A rich stew of economic reports tracks trends in areas important to traders.
Inflation or deflation: The producer price index will be released on Wednesday, and its more important cousin, the consumer price index, on Thursday, both at 8:30 a.m. New York time.
Consumers (that's us!): The retail sales report will be out Tuesday at 8:30 a.m., again attempting to answer the all important question, Are we ready to shop 'till we drop, thereby saving the economy from further ruin?
Real estate: Housing starts will hit the markets Friday at 8:30 a.m. Real estate is considered to be the basis of any economic recovery.
Factories: The industrial production report will be released, also on Friday, at 9:15 a.m.
A more general report, the Philadelphia Federal Reserve survey of conditions in the mid-Atlantic region, will be out on Thursday at 10 a.m. It is considered something of an avatar for the nation as a whole and so has a following.
Leading indicators (in descending order of importance):
The interest rate spread between 10-year Treasuries and the federal funds rate, reported continually during market hours.
The M2 money supply, at 4:30 p.m. Thursday.
The S&P 500 index, reported continually during market hours.
Average weekly initial jobless claims, at 8:30 a.m. Thursday.
Building permits for new private homes from the housing starts report, at 8:30 a.m. Friday.
The index of consumer expectations from the Reuters/University of Michigan consumer sentiment report, at 9:55 a.m. Friday.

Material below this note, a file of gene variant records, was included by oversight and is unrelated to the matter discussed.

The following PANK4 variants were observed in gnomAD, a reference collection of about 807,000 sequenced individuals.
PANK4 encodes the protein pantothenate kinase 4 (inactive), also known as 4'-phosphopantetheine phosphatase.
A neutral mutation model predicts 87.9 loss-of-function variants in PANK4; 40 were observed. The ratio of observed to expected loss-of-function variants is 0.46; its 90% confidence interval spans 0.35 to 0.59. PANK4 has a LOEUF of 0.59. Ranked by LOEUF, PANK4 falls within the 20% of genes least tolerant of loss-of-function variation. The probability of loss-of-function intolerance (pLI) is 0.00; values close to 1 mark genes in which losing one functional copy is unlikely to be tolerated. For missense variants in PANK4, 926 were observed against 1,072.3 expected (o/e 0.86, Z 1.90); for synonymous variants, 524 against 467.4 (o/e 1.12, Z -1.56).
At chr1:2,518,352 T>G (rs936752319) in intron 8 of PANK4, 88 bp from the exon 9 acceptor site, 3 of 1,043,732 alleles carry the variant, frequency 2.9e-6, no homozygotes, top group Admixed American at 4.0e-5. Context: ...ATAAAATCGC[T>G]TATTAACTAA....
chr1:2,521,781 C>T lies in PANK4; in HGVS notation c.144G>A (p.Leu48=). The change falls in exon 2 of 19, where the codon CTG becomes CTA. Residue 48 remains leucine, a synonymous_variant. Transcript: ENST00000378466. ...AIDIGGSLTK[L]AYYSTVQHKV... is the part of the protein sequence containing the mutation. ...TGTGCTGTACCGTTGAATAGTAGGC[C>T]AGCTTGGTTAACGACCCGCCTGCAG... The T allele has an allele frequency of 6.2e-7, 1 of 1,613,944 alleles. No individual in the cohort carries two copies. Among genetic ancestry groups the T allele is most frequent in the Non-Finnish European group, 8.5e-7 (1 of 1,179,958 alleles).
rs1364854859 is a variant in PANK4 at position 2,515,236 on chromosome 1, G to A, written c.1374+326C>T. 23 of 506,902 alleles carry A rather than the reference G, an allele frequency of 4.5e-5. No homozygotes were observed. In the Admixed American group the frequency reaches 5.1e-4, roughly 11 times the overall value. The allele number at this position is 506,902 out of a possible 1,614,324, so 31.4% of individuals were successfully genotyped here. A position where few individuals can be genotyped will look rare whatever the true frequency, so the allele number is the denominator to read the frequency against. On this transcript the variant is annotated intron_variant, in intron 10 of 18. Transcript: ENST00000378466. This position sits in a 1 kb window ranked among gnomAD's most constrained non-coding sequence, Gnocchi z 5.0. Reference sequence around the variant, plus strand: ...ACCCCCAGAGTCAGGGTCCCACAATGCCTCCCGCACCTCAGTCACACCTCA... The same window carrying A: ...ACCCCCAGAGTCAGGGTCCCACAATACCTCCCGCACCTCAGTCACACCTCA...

Other reports of interest:
Monday: The Treasury budget, showing the government's revenue shortfall, at 2 p.m.
Tuesday: Import and export prices at 8:30 a.m. and business inventories at 10 a.m.
Wednesday: The Empire State manufacturing survey of conditions in New York at 8:30 a.m., the petroleum inventories at 10:30 a.m.. and the Federal Reserve Beige Book, a narrative of conditions in each Fed region, at 2 p.m.
Thursday: The Treasury's international capital report, tracking foreign capital flows into and out of the United States, at 9 a.m. and the Home Builders' housing market index at 10 a.m.
Friday: The Reuters/University of Michigan survey of consumer sentiment, at 9:55 a.m.
How fleeting the glory! Fed Chairman Ben Bernanke gives a speech on Thursday, and it doesn't even appear on the Federal Reserve's "What's Next" calendar. Bernanke leaves office on Jan. 31. He will speak on challenges that central banks face. But still, he's not gone yet.
One Federal Open Market Committee member has a speaking engagement: Chicago Fed Pres. Charles Evans, on Wednesday.
Two alternates are making appearances: Dallas Fed Pres. Richard Fisher and Philadelphia Fed Pres. Charles Plosser, both on Tuesday.
And three others from among the Fed glitterati will take to the podium: Atlanta Fed Pres. Dennis Lockhart on Monday and Wednesday, San Francisco Fed Pres. John Williams on Thursday and Richmond Fed Pres. Jeffrey Lacker on Friday.
This week I shall be analyzing new bull and bear signals among 3,469 stocks and exchange-traded funds that have some analyst interest. They are traded both on the major U.S. exchanges and over-the-counter. My universe is selected from small-cap stocks and larger, defined as market capitalization of $1 million and greater.
By my rules, I'm trading February options for the short legs of vertical, diagonal and calendar spreads and covered calls, and for all legs of butterfly spreads and iron condors. I'm trading April options for single calls and puts as well as straddles. Shares, of course, are good at any time.
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